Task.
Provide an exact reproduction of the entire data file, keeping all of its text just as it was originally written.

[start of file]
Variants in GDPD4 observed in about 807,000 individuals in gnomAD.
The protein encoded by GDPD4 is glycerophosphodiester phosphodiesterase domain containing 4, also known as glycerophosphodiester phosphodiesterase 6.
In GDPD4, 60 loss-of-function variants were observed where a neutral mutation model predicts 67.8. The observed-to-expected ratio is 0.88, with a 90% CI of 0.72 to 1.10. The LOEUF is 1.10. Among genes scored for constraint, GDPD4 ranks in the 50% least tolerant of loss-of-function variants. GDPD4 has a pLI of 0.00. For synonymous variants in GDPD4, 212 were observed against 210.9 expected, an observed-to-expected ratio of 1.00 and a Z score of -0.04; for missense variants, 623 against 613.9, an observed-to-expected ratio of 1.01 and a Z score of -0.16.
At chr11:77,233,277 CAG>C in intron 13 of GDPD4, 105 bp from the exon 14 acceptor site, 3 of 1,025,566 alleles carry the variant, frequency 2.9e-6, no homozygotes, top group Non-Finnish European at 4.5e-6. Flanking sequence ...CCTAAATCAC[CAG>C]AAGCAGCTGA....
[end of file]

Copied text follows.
Variants in GDPD4 observed in about 807,000 individuals in gnomAD.
The protein encoded by GDPD4 is glycerophosphodiester phosphodiesterase domain containing 4, also known as glycerophosphodiester phosphodiesterase 6.
In GDPD4, 60 loss-of-function variants were observed where a neutral mutation model predicts 67.8. The observed-to-expected ratio is 0.88, with a 90% CI of 0.72 to 1.10. The LOEUF is 1.10. Among genes scored for constraint, GDPD4 ranks in the 50% least tolerant of loss-of-function variants. GDPD4 has a pLI of 0.00. For synonymous variants in GDPD4, 212 were observed against 210.9 expected, an observed-to-expected ratio of 1.00 and a Z score of -0.04; for missense variants, 623 against 613.9, an observed-to-expected ratio of 1.01 and a Z score of -0.16.
At chr11:77,233,277 CAG>C in intron 13 of GDPD4, 105 bp from the exon 14 acceptor site, 3 of 1,025,566 alleles carry the variant, frequency 2.9e-6, no homozygotes, top group Non-Finnish European at 4.5e-6. Flanking sequence ...CCTAAATCAC[CAG>C]AAGCAGCTGA....